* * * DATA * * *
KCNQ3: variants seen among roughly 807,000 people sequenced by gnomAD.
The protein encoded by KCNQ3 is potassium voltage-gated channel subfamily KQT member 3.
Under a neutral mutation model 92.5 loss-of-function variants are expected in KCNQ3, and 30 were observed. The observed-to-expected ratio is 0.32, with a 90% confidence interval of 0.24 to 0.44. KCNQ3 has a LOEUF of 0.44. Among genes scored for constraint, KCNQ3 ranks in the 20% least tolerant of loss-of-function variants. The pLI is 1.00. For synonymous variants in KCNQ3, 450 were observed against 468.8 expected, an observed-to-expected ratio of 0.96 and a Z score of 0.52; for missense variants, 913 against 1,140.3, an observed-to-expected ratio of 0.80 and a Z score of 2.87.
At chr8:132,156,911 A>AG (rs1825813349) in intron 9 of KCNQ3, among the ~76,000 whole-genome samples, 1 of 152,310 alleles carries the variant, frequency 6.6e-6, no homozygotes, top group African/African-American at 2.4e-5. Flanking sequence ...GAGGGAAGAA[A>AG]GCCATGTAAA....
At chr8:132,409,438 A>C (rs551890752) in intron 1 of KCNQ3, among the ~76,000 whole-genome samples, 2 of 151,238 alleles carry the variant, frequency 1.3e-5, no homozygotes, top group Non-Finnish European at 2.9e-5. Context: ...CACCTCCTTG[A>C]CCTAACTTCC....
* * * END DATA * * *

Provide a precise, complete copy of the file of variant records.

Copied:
KCNQ3: variants seen among roughly 807,000 people sequenced by gnomAD.
The protein encoded by KCNQ3 is potassium voltage-gated channel subfamily KQT member 3.
Under a neutral mutation model 92.5 loss-of-function variants are expected in KCNQ3, and 30 were observed. The observed-to-expected ratio is 0.32, with a 90% confidence interval of 0.24 to 0.44. KCNQ3 has a LOEUF of 0.44. Among genes scored for constraint, KCNQ3 ranks in the 20% least tolerant of loss-of-function variants. The pLI is 1.00. For synonymous variants in KCNQ3, 450 were observed against 468.8 expected, an observed-to-expected ratio of 0.96 and a Z score of 0.52; for missense variants, 913 against 1,140.3, an observed-to-expected ratio of 0.80 and a Z score of 2.87.
At chr8:132,156,911 A>AG (rs1825813349) in intron 9 of KCNQ3, among the ~76,000 whole-genome samples, 1 of 152,310 alleles carries the variant, frequency 6.6e-6, no homozygotes, top group African/African-American at 2.4e-5. Flanking sequence ...GAGGGAAGAA[A>AG]GCCATGTAAA....
At chr8:132,409,438 A>C (rs551890752) in intron 1 of KCNQ3, among the ~76,000 whole-genome samples, 2 of 151,238 alleles carry the variant, frequency 1.3e-5, no homozygotes, top group Non-Finnish European at 2.9e-5. Context: ...CACCTCCTTG[A>C]CCTAACTTCC....